Warm weather for a while yet

by | Dec 10, 2015 | Featured, Uncategorized

We have been basking in the warm temperatures these past few days as well as last week. Temperatures were about 10 C above the seasonal average and morning lows were abnormally high as well. You are probably wondering when the cold is coming. I do not see any temperatures any colder than about average. This week started above average once again. We were above 0 C most days, meaning a freezing and thaw cycle.

We could see a slight fall in temperatures later this week into the weekend, but really, no worse than average (which is currently just below minus 5 C). We are in an El Nino winter pattern. This means some warmer temperatures, as we have already seen a preview these past couple weeks. El Nino is an unusually warm band of ocean water developing in the Pacific Ocean. This impacts our weather.

If you are heading out and about around NAIT you will be finding that it is not too cold to be outside throughout your school day.

Whether you are studying for exams or planning for Christmas, it could be a wise idea to spend some time enjoying this warm winter. This is the last Nugget issue of the season and my last weather article of the year. Hope you have learned some little tidbits in meteorology and stayed informed on your weather forecast while studying at NAIT.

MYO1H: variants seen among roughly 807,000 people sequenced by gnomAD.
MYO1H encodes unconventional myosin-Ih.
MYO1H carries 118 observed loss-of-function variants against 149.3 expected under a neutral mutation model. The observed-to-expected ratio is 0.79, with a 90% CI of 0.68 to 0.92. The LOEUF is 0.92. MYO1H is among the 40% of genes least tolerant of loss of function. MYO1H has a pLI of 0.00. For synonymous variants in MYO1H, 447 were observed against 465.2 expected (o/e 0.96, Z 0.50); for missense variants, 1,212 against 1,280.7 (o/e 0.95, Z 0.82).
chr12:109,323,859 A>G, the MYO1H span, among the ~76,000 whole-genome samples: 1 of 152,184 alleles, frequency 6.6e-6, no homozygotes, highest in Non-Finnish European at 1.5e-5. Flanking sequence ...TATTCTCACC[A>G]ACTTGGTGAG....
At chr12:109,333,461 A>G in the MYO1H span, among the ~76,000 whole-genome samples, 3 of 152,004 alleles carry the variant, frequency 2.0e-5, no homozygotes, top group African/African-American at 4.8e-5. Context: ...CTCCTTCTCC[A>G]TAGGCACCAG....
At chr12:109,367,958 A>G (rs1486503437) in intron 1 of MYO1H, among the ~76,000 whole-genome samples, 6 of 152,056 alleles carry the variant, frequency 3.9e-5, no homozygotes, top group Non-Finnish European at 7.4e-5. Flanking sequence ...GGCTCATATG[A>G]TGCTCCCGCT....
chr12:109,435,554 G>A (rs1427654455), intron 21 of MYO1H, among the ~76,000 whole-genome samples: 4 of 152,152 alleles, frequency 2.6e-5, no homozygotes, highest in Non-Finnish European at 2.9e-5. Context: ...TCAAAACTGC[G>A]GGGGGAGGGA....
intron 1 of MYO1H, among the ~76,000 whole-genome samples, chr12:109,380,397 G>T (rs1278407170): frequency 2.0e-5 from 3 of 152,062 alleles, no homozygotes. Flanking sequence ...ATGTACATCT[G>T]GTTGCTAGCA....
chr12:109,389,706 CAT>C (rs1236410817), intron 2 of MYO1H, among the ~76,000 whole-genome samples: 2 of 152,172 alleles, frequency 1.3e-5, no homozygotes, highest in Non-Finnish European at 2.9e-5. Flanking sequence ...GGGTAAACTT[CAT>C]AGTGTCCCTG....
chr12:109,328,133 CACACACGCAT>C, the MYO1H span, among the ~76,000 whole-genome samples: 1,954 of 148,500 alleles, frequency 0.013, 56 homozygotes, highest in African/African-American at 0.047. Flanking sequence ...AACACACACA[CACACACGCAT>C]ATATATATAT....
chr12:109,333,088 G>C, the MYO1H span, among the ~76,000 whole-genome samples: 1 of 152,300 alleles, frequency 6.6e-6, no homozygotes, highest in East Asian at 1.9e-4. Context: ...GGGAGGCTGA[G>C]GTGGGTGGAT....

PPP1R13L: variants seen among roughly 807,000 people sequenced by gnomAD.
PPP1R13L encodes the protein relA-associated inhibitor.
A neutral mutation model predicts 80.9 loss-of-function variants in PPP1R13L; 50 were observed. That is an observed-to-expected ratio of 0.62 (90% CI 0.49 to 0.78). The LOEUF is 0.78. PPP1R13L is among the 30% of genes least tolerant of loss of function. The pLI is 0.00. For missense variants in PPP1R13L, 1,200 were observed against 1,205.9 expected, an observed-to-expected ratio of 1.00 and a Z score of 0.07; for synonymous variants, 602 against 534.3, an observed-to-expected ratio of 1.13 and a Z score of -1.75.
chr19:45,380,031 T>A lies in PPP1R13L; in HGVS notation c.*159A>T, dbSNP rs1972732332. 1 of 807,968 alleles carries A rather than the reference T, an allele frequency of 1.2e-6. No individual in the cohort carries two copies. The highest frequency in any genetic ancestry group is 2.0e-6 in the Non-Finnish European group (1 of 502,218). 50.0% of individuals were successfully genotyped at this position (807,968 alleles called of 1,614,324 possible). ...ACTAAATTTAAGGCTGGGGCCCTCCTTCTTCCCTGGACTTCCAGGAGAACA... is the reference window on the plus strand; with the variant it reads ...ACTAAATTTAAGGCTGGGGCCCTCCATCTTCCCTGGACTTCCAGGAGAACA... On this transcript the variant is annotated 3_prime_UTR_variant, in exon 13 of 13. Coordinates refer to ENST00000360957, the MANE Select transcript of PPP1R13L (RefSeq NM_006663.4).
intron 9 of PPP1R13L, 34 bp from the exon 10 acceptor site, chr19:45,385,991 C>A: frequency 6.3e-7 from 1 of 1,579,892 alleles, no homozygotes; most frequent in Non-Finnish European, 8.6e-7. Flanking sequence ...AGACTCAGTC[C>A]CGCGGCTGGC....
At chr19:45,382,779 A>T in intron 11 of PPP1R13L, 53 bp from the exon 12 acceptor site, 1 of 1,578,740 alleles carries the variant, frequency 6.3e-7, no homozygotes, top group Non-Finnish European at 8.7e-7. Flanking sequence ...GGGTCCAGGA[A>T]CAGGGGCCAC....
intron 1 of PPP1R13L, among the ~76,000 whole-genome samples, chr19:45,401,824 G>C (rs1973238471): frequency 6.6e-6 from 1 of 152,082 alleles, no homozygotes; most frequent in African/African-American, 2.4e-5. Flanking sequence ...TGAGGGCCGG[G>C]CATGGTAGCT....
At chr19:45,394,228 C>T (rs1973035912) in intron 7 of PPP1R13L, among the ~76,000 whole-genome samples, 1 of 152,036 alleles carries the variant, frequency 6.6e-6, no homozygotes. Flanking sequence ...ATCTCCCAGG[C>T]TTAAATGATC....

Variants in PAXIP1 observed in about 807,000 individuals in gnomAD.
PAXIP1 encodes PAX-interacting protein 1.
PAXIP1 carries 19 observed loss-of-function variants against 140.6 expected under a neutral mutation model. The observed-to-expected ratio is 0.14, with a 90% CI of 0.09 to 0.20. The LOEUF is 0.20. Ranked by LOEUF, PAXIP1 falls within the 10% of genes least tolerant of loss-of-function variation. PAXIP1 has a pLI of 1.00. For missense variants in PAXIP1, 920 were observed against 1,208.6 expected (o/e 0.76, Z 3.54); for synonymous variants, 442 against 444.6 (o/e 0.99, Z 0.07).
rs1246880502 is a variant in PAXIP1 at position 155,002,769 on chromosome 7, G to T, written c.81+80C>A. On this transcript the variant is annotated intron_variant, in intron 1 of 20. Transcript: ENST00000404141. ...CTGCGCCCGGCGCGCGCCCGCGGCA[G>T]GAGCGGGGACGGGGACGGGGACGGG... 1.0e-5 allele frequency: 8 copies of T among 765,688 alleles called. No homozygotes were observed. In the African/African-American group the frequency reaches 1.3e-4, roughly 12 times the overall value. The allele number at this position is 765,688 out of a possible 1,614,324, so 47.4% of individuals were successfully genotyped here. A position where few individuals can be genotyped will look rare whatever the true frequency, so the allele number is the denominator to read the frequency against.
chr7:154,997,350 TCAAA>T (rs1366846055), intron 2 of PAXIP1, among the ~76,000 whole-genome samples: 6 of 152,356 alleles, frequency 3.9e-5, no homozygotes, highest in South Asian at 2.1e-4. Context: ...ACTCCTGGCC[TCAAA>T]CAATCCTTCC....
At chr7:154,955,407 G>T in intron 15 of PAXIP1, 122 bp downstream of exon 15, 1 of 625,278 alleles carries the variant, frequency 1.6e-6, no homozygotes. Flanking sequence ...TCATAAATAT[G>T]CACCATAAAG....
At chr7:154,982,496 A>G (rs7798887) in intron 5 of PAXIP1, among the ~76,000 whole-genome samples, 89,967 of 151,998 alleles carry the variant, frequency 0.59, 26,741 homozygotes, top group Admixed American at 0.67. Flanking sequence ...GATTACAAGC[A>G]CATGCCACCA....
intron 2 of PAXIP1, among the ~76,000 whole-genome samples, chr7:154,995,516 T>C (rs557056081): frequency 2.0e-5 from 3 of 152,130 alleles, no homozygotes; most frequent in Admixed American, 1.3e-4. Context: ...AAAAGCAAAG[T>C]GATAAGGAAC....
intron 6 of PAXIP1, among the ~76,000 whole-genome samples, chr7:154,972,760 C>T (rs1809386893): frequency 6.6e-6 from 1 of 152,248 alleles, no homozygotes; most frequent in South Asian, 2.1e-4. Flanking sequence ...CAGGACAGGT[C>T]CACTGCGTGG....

Did you know?

This week, we will talk about different types of clouds. I have not spoken too much about cloud types in my weather articles and would like to teach you a little bit about clouds this week. Hope you find the information interesting. Can you spot some of these different types of clouds during your school day around NAIT?

Cirrus clouds are long and wispy in nature. They are the highest clouds in the sky and composed of ice crystals. Could mean an approaching warm front somewhere in the far distance. Cirrostratus and cirrocumulus are part of the high level cloud group but are different from cirrus clouds in the way they look. Mid-level clouds look greyish and sheet-like in the sky. Altostratus are grey or blueish and are like sheets. Altocumulus looks like ripples in the sky or a sheet with ripples in it.

Nimbostratus is a grey rain cloud covering the sky with no distinct pattern. It is very thick and is basically one solid grey cloud. Low level clouds are cumulus, stratus and cumulonimbus.

Cumulus is known as fair weather clouds, as a result of convection. Normally appearing late in the afternoon during the summer after some heat has built up. Darker base and lighter top. A stratus cloud has a uniform base and is a grey layer. A cumulonimbus cloud is a storm cloud. It’s the tallest cloud of them all as it fits across all levels in the sky. It can bring violent weather, such as tornadoes and heavy rain.

Now you know!


Brandon Hess

Meteorologist in Training

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